Last week the Eleventh Circuit interpreted the scope of the arbitration agreement within a plaintiff’s employment contract to exclude civil claims stemming from her sexual assault by fellow employees. In doing so, the court may have signaled a discomfort with sending civil claims based on criminal conduct to arbitration.
In Doe v. Princess Cruise Lines, Ltd., 2011 WL 4425288 (11th Cir. Sep. 23, 2011), the court held that the agreement to arbitrate “any and all disputes, claims or controversies whatsoever . . . relating to or in any way arising out of or connected with the Crew Agreement, these terms, or services performed for the [cruise ship]” was not broad enough to encompass an employee’s claims of false imprisonment, intentional infliction of emotional distress, spoliation of evidence, and invasion of privacy relating to her sexual assault.
The plaintiff employee, a server on a cruise ship, had been drugged and sexually assaulted by other employees, and she alleged the cruise ship had repeatedly refused to let her off the ship for medical care, had humiliated her publicly, and had destroyed evidence of the crimes against her. She brought ten claims against her employer, and the employer moved to compel arbitration. The Florida district court found all ten claims fell outside the scope of the parties’ arbitration agreement and denied the employer’s motion to compel arbitration.
The Eleventh Circuit disagreed, in part. It held that five of the plaintiff’s claims fell within the scope of the arbitration agreement, because they “ar[o]se directly from her undisputed status as a ‘seaman,'” and therefore were sufficiently “related to” her employment as a “seaman.” Those five claims were based on federal statutes that apply only to “seamen” or on common law rules that apply only to seamen.
However, the Eleventh Circuit found the remaining five claims in the plaintiff’s complaint were outside the scope of the arbitration agreement. In analyzing whether the claims of false imprisonment, intentional infliction of emotional distress, spoliation, etc., were related to or connected with her employment, the court repeatedly looked at whether those same claims could be brought be a non-employee. It reasoned that the “cruise line could have engaged in that tortious conduct even in the absence of any contractual or employment relationship with” the plaintiff.” Similarly “a passenger could have brought these same five claims against the cruise line based on virtually the same alleged facts.”
There are at least two interesting points about this decision. The first is a drafting point: if parties intend to arbitrate disputes like this one, the arbitration agreement needs to be broader. Similarly, if a plaintiff wants to avoid arbitration under an employment contract, it may not want to assert claims that depend on its status as an employee.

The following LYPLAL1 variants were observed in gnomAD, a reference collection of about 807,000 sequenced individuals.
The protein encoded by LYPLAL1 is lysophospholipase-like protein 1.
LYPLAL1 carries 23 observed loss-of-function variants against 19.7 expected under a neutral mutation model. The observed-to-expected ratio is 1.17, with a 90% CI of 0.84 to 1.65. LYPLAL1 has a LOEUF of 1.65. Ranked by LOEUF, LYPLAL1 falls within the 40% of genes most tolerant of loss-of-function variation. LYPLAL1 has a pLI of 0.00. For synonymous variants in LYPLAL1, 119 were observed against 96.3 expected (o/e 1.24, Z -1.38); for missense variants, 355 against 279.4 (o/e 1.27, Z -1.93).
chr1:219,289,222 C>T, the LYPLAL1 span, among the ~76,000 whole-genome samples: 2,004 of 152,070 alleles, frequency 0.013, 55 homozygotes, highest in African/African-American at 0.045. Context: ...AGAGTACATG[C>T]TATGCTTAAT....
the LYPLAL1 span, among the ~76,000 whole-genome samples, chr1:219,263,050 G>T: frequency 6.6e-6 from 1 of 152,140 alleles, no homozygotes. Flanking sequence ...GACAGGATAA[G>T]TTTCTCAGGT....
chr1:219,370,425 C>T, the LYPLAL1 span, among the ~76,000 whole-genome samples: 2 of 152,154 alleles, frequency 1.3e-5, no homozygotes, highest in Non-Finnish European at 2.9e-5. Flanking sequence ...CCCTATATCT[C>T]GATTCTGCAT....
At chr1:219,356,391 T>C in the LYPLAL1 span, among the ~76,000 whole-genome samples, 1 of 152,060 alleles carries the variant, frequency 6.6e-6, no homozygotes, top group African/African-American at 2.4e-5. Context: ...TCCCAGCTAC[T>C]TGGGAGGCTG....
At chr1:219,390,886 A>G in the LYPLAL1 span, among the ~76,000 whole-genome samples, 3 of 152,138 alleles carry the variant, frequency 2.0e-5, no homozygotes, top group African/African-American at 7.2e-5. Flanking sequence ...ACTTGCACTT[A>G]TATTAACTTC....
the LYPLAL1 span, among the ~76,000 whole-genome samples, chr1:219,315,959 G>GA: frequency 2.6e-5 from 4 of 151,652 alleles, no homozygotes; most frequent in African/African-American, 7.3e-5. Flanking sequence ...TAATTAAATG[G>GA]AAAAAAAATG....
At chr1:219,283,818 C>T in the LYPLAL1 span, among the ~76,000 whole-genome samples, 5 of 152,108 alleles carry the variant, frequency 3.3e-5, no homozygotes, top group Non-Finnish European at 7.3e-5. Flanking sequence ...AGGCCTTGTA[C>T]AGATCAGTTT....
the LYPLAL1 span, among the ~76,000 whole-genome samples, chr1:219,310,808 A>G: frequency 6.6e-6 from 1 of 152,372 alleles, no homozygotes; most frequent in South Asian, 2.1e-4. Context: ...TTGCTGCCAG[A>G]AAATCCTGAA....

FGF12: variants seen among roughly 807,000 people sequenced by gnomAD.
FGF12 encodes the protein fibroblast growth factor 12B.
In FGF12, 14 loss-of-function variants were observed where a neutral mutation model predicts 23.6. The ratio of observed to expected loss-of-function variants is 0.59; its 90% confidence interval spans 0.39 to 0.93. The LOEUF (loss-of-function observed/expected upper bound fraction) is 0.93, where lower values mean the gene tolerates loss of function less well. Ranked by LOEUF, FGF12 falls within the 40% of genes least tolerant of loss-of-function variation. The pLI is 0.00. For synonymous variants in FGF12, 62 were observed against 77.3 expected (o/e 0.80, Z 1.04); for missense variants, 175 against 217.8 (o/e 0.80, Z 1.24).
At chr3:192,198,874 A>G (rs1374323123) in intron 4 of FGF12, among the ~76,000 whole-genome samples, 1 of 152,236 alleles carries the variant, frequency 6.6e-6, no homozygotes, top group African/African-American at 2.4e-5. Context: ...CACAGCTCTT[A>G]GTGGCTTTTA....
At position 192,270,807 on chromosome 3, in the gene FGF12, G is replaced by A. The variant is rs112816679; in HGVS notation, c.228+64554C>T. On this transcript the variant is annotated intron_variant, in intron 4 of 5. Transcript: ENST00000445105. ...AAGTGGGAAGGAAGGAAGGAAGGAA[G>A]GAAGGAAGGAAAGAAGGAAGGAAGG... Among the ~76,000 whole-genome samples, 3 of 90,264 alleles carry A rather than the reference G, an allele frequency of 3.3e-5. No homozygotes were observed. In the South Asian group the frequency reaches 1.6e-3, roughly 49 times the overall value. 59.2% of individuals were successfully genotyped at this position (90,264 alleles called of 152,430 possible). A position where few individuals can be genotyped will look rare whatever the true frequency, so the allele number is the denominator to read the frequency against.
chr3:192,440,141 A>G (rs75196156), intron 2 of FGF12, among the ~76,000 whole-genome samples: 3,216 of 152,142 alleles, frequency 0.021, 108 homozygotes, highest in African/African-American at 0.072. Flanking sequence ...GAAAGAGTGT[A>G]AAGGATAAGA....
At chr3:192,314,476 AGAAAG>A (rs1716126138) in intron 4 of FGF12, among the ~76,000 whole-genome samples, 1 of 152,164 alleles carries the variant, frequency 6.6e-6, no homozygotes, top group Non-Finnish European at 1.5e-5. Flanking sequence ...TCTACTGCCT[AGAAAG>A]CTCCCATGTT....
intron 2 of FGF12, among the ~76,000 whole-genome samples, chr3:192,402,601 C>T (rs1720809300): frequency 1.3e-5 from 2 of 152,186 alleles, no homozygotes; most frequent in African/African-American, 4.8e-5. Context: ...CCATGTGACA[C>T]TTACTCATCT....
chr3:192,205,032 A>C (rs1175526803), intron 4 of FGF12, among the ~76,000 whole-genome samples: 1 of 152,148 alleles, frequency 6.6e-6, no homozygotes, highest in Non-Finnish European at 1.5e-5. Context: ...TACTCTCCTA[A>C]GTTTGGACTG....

A second point relates to this court’s apparent discomfort with sending these claims to arbitration. The court acknowledged it could find only one case on point (Jones v. Halliburton, 583 F.3d 228 (5th Cir. 2009), which found similar claims fell outside the scope of the arbitration agreement in an employment contract). Despite the paucity of authority, and despite language in the arbitration agreement that could have been interpreted to cover all the plaintiff’s claims, the Eleventh Circuit decided, without dissent, that the plaintiff did not have to arbitate all her claims.
Reading between the lines, the court may have been concerned about whether proper justice could be done in arbitration. The court was obviously disturbed by the facts in the case–the opinion describes the allegations at length, and goes out of its way to point out the disconnect between the employer’s public statements regarding how it values its employees and the employer’s alleged behavior toward the plaintiff. The court may have been motivated, in part, by its desire to ensure that the defendant’s actions remained public and that the plaintiff’s claims be heard by a decision-maker who is arguably more accustomed than an arbitrator to dealing with claims of violence and criminal conduct.
This case may be part of a growing trend to keep entire categories of claims (negligence in nursing homes, sexual assault, Magnuson-Moss warranty claims) out of arbitration altogether, based on public policy concerns.